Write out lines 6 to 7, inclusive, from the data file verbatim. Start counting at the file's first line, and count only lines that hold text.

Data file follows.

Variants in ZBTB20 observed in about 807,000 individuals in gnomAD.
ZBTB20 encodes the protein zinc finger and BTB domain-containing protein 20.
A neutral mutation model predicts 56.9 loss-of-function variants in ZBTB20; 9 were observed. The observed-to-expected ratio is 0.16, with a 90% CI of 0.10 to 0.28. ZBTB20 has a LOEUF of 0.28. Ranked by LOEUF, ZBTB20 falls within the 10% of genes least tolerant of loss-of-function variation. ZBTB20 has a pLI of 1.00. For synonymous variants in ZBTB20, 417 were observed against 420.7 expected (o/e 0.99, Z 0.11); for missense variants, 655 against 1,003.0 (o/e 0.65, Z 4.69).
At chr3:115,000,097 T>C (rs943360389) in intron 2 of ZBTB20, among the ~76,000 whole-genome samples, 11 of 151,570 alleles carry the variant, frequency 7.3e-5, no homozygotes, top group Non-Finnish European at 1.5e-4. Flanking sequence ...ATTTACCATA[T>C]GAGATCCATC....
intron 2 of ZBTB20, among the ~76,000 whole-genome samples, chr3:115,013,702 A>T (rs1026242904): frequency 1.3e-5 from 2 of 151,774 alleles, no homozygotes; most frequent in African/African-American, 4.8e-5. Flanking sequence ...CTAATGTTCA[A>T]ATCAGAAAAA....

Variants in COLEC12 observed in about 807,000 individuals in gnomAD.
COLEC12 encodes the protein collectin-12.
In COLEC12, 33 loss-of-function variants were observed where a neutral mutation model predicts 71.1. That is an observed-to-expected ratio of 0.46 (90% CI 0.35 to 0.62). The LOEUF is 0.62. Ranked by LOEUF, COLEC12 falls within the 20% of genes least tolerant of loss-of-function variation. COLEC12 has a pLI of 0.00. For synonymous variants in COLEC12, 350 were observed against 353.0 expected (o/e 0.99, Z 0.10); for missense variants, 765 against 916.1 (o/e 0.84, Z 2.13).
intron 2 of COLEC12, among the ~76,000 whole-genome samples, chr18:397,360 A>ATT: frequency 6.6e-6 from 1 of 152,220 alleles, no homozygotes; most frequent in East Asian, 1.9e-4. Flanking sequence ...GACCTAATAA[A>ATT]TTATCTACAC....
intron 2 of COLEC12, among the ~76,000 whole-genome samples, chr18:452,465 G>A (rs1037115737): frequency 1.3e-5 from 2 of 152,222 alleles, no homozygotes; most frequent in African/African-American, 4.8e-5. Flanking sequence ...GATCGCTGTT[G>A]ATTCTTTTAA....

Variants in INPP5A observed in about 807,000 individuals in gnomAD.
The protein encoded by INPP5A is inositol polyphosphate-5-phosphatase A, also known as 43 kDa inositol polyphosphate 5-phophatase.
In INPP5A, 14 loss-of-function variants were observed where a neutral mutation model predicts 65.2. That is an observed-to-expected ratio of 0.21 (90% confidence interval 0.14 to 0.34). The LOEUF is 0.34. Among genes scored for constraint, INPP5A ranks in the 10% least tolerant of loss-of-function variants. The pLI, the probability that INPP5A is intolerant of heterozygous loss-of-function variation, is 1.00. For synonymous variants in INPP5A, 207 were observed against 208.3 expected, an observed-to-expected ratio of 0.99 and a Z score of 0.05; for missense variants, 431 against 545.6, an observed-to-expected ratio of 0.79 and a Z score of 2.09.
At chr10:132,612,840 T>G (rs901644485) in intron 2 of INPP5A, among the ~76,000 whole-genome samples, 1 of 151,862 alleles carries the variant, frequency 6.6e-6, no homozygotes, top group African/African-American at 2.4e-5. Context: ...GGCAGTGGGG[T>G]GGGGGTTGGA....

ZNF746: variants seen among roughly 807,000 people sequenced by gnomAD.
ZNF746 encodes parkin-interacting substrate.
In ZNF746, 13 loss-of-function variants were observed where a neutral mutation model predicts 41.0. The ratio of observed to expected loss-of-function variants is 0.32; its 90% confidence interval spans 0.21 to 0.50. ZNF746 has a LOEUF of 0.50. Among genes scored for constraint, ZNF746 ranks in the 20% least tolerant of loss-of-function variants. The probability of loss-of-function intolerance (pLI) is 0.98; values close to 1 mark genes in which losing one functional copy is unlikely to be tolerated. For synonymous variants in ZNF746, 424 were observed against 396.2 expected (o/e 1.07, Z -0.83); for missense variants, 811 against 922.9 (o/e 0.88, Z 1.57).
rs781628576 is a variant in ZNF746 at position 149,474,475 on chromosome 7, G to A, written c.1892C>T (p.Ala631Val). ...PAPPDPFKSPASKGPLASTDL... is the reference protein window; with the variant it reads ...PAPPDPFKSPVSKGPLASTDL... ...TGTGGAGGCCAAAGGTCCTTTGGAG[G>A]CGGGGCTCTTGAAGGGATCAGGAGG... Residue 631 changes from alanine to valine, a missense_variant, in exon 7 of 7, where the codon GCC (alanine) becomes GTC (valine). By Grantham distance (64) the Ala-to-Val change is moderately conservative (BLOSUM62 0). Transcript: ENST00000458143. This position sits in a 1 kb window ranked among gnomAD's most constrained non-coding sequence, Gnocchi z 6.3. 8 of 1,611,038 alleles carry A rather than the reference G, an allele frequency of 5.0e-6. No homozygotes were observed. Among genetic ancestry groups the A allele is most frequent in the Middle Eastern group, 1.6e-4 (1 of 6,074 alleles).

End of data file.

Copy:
Variants in COLEC12 observed in about 807,000 individuals in gnomAD.
COLEC12 encodes the protein collectin-12.